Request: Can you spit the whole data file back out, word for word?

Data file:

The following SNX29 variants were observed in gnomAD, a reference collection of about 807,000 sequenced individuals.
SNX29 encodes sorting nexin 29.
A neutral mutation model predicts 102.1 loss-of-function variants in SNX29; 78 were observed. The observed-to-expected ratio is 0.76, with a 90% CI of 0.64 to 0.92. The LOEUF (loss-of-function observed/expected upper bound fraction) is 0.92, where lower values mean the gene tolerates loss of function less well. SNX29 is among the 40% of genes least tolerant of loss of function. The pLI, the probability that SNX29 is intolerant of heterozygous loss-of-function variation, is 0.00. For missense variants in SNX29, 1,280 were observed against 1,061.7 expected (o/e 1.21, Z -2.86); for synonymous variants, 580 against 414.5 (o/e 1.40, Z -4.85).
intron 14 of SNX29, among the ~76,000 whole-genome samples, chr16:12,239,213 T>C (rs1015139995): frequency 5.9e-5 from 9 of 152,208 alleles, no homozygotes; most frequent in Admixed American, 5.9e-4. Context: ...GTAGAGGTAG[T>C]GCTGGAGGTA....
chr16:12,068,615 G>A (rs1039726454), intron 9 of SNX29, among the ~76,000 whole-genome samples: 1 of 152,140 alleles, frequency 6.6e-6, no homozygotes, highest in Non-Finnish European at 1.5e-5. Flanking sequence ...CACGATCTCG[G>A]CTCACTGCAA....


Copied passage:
The following SNX29 variants were observed in gnomAD, a reference collection of about 807,000 sequenced individuals.
SNX29 encodes sorting nexin 29.
A neutral mutation model predicts 102.1 loss-of-function variants in SNX29; 78 were observed. The observed-to-expected ratio is 0.76, with a 90% CI of 0.64 to 0.92. The LOEUF (loss-of-function observed/expected upper bound fraction) is 0.92, where lower values mean the gene tolerates loss of function less well. SNX29 is among the 40% of genes least tolerant of loss of function. The pLI, the probability that SNX29 is intolerant of heterozygous loss-of-function variation, is 0.00. For missense variants in SNX29, 1,280 were observed against 1,061.7 expected (o/e 1.21, Z -2.86); for synonymous variants, 580 against 414.5 (o/e 1.40, Z -4.85).
intron 14 of SNX29, among the ~76,000 whole-genome samples, chr16:12,239,213 T>C (rs1015139995): frequency 5.9e-5 from 9 of 152,208 alleles, no homozygotes; most frequent in Admixed American, 5.9e-4. Context: ...GTAGAGGTAG[T>C]GCTGGAGGTA....
chr16:12,068,615 G>A (rs1039726454), intron 9 of SNX29, among the ~76,000 whole-genome samples: 1 of 152,140 alleles, frequency 6.6e-6, no homozygotes, highest in Non-Finnish European at 1.5e-5. Flanking sequence ...CACGATCTCG[G>A]CTCACTGCAA....